‘Sharpening the Knives’: Musicians Join the Protests in Puerto Rico
Among the tens of thousands who flocked to the streets of Puerto Rico this week to call for the resignation of the island’s governor, Ricardo A. Rosselló, there was a new kind of activist: well-known musicians ready to use the clout of their enormous social media followings to energize the brewing discontent.
The pop superstar Ricky Martin, the rapper Residente, his sister iLe, and the Latin trap artist Bad Bunny combined their efforts in support of a social movement like no other Puerto Rico has ever seen. Bad Bunny, whose legal name is Benito Antonio Martínez Ocasio, even cut off a tour to fly to San Juan. They joined the singers La India and Danny Rivera and the actor Benicio Del Toro, who were present at a protest Wednesday night that filled the streets from the Capitol to the governor’s mansion a mile away.
Mr. Martin announced his participation in a video on Twitter that he shared with his 20 million followers.
#PuertoRico nos vemos mañana en el la marcha a ls 5pm frente al Capitolio pic.twitter.com/4cZM1KF3Kn
“Frustrated. Angry. I feel this horrible pressure in my chest,” he said. “How do I free myself of this anguish? Simply traveling to Puerto Rico.”
[Here are answers to some basic questions about the unrest in Puerto Rico and its roots.]
Residente, iLe and Bad Bunny produced a protest song — written and recorded in one day — called “Afilando los Cuchillos” (Sharpening the Knives) that had 2.5 million views on YouTube within a day of its release.
The playwright Lin-Manuel Miranda joined the protest in New York.
Experts say the involvement of artists from so many different genres of music, from pop to reggaeton to Latin trap, could draw a range of young people who are usually turned off by traditional party politics. And it likely tightened the pressure on the governor, who is increasingly isolated with few public supporters.
“This is really important, not just because we or the other artists arrived, but because this is historic,” René Pérez Joglar, who uses the stage name Residente, said in an interview. “When we unite, this becomes an international story,” he said. “But understand that people are there because they are upset, not because they want to see artists.”
Mr. Rosselló is under pressure to leave office after the release of nearly 900 pages of chat messages among him and his inner circle, including the island’s chief financial officer and secretary of state, in which the governor called a former New York City Council speaker a whore and joked about shooting San Juan’s mayor, Carmen Yulín Cruz. The chat scandal came on the heels of corruption arrests of two top former officials in his administration.
The chat was the breaking point for an island of more than three million people that had already endured a devastating hurricane, job losses and, in some areas, no electricity for nearly a year.
“People still don’t have roofs on their houses,” Mr. Pérez said. “I think there are a lot of things happening at the same time. There is a new generation of young people that has a different mind-set. This generation is very aware. That is fundamental.”
Mr. Pérez’s presence at the protest is hardly a surprise: He has always been vocal about his desire to see Puerto Rico become an independent nation. But for Puerto Ricans to see Mr. Martin and Bad Bunny protesting was a game-changer for the island, said Yarimar Bonilla, a political anthropologist at Hunter College.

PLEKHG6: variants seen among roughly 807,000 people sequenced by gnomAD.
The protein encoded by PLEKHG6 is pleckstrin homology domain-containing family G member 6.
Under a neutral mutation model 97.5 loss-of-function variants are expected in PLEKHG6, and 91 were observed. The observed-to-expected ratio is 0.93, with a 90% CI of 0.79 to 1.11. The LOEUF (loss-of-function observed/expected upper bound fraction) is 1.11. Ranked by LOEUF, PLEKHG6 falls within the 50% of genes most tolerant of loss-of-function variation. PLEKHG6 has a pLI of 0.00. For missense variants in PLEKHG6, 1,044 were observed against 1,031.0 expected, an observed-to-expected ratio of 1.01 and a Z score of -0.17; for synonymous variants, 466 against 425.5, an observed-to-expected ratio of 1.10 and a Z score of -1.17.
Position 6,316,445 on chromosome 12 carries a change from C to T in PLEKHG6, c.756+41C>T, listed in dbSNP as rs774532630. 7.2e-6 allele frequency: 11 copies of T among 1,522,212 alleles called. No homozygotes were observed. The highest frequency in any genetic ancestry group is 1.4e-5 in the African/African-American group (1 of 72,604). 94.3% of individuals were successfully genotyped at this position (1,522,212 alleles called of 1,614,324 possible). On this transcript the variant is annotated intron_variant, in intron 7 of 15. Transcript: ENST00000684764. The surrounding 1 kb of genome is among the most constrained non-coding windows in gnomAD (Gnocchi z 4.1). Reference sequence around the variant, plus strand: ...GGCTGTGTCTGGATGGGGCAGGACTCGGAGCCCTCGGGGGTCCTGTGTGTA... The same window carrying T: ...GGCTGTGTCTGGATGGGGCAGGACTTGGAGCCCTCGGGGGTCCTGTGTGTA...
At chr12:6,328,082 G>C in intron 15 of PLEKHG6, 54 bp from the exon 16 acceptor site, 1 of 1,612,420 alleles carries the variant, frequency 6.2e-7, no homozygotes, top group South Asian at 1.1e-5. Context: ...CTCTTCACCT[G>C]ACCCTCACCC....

“Ricky Martin is not known for political stances. He’s a Buddhist; he is peaceful. For him to get involved, that is important and says something,” she said. “Bad Bunny’s presence was so important: He has a rising political influence and has a much younger depoliticized following.”
Mr. Martin’s homosexuality was mocked in one of the posts by another official in the governor’s chat group. “Nothing says patriarchal oppression like Ricky Martin,” it said, going on to describe him using crude language as a “male chauvinist” for whom “women don’t measure up. Pure patriarchy.”
Listen to ‘The Daily’: The Political Crisis in Puerto Rico
Young people who may not have been raised on politics now have an entry into the protest movement, Ms. Bonilla said, noting that people were using lyrics from recent popular songs and turning them into protest slogans. A song about dumping a girlfriend became a chant about canning the governor.
Ms. Bonilla, who attended the protest, said she was struck by the fact that the musicians were not performing, but standing on a platform waving flags.
“It wasn’t a concert,” said Ileana Mercedes Cabra Joglar, Mr. Pérez’s sister, who uses the name iLe when performing. (She did sing a revolutionary hymn.)
Ms. Cabra sings the chorus in “Afilando los Cuchillos.”
It offers a sharp-edged rebuke to Mr. Rosselló, accusing him of inheriting a legacy from his father, a former Puerto Rico governor whose administration was wracked by corruption, and it delivers a jab to the first lady, Beatriz Rosselló, noting a gaffe she once made that suggested a lack of knowledge of Spanish-language literature.
“Normally the same people go to protests all the time,” Ms. Cabra said. “This transcended everything. This feels like a big family.”
Bianca Passalacqua, 21, a recent graduate of the University of Puerto Rico, said the singers were a draw — but to different key audiences.
“I believe it’s important that they come, because of the convening power they have,” Ms. Passalacqua said. “The fact that they come does make more people want to participate. For example, Bad Bunny attracts more millennials, while Ricky Martin attracts the elderly.”
“In my case,” she added, “I would have participated anyway.”
Jacob Meschke and Alejandra Rosa contributed reporting.
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